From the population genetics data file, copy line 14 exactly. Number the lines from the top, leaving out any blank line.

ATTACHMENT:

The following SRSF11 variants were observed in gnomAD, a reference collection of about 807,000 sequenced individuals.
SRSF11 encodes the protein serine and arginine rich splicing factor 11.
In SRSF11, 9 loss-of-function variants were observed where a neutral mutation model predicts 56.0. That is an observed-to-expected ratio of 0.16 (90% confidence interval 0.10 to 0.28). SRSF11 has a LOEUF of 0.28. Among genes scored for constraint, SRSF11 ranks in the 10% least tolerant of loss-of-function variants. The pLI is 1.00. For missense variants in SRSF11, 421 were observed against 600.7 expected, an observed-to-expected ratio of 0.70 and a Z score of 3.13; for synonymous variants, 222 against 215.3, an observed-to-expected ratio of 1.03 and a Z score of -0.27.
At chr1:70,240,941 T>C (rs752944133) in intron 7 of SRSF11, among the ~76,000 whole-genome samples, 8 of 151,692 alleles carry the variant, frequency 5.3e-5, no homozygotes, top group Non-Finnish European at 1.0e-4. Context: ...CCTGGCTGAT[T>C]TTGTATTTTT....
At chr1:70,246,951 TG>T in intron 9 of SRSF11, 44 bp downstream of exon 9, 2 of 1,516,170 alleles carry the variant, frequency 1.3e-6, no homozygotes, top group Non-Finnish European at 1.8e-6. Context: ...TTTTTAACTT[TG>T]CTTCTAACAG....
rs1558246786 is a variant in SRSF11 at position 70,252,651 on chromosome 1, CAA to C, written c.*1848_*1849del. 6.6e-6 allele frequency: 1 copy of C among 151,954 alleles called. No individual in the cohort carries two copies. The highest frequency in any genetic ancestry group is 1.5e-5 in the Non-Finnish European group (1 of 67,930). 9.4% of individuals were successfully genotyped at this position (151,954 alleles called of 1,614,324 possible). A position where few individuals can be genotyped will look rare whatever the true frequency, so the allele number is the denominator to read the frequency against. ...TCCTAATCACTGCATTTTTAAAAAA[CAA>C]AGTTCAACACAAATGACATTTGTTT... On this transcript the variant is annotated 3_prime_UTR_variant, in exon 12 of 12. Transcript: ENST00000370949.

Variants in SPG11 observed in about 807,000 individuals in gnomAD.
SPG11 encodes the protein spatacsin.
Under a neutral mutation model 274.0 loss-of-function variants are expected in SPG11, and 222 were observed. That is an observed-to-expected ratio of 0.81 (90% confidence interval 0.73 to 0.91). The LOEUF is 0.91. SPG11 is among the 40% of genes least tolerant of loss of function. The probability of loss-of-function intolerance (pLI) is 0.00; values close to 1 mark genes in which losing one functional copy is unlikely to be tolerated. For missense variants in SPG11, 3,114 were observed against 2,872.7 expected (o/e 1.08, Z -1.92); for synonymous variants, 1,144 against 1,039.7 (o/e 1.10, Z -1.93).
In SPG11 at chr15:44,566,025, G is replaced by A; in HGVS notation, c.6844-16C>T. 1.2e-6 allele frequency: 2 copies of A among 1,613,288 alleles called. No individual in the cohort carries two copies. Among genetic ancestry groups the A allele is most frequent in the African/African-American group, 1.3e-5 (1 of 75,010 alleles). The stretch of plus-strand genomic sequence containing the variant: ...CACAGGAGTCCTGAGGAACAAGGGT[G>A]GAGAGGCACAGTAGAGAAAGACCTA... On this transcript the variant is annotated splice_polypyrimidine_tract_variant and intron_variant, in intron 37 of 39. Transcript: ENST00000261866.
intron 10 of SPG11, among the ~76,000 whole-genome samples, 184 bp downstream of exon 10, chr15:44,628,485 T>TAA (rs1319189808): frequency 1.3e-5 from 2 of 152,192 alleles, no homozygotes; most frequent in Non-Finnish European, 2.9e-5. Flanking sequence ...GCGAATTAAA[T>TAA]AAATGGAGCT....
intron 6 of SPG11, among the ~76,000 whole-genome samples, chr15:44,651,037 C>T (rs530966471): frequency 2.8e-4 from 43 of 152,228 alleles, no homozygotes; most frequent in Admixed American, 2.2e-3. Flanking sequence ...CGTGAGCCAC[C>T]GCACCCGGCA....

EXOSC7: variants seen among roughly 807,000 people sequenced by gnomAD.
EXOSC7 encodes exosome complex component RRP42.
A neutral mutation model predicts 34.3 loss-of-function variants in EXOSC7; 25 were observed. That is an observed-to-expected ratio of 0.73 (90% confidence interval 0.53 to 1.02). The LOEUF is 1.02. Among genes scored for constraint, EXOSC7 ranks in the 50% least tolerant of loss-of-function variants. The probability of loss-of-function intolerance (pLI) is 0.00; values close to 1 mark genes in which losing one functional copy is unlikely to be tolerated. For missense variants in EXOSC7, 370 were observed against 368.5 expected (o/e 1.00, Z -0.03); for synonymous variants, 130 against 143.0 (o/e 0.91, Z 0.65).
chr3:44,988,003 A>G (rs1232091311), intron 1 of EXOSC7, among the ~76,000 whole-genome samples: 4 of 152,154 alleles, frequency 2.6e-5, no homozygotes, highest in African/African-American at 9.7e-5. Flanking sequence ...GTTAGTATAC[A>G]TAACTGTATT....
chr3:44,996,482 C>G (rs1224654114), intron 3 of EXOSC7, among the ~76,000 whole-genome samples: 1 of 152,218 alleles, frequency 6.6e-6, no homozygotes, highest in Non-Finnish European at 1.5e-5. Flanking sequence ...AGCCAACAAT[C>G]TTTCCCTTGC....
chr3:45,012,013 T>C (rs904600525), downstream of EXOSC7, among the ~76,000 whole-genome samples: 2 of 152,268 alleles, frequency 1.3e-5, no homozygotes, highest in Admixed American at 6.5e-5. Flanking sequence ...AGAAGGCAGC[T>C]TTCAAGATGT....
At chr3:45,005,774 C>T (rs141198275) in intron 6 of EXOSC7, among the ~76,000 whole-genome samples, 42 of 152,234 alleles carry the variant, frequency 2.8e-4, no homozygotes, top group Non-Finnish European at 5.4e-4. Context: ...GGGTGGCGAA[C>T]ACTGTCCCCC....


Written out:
EXOSC7 encodes exosome complex component RRP42.